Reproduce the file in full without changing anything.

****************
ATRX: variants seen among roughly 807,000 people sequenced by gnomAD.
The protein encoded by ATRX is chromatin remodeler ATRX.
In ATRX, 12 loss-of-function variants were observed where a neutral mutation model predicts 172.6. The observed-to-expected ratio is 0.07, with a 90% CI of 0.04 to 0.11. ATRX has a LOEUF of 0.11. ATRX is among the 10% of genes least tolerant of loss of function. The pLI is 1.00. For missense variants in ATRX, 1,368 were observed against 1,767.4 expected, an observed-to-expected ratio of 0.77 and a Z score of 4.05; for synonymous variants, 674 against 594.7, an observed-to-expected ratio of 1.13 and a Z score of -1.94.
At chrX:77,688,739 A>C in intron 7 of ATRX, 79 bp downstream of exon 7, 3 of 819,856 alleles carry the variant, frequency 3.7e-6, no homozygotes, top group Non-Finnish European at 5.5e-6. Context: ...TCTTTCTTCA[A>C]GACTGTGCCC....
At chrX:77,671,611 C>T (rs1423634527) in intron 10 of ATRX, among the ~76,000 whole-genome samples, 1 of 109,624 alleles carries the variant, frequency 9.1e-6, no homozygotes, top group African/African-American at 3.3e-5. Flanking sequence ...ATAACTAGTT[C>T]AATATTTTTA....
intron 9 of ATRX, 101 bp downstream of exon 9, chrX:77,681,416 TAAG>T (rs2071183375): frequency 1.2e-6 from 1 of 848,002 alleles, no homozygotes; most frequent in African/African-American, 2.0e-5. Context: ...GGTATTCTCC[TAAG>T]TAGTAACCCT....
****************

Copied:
ATRX: variants seen among roughly 807,000 people sequenced by gnomAD.
The protein encoded by ATRX is chromatin remodeler ATRX.
In ATRX, 12 loss-of-function variants were observed where a neutral mutation model predicts 172.6. The observed-to-expected ratio is 0.07, with a 90% CI of 0.04 to 0.11. ATRX has a LOEUF of 0.11. ATRX is among the 10% of genes least tolerant of loss of function. The pLI is 1.00. For missense variants in ATRX, 1,368 were observed against 1,767.4 expected, an observed-to-expected ratio of 0.77 and a Z score of 4.05; for synonymous variants, 674 against 594.7, an observed-to-expected ratio of 1.13 and a Z score of -1.94.
At chrX:77,688,739 A>C in intron 7 of ATRX, 79 bp downstream of exon 7, 3 of 819,856 alleles carry the variant, frequency 3.7e-6, no homozygotes, top group Non-Finnish European at 5.5e-6. Context: ...TCTTTCTTCA[A>C]GACTGTGCCC....
At chrX:77,671,611 C>T (rs1423634527) in intron 10 of ATRX, among the ~76,000 whole-genome samples, 1 of 109,624 alleles carries the variant, frequency 9.1e-6, no homozygotes, top group African/African-American at 3.3e-5. Flanking sequence ...ATAACTAGTT[C>T]AATATTTTTA....
intron 9 of ATRX, 101 bp downstream of exon 9, chrX:77,681,416 TAAG>T (rs2071183375): frequency 1.2e-6 from 1 of 848,002 alleles, no homozygotes; most frequent in African/African-American, 2.0e-5. Context: ...GGTATTCTCC[TAAG>T]TAGTAACCCT....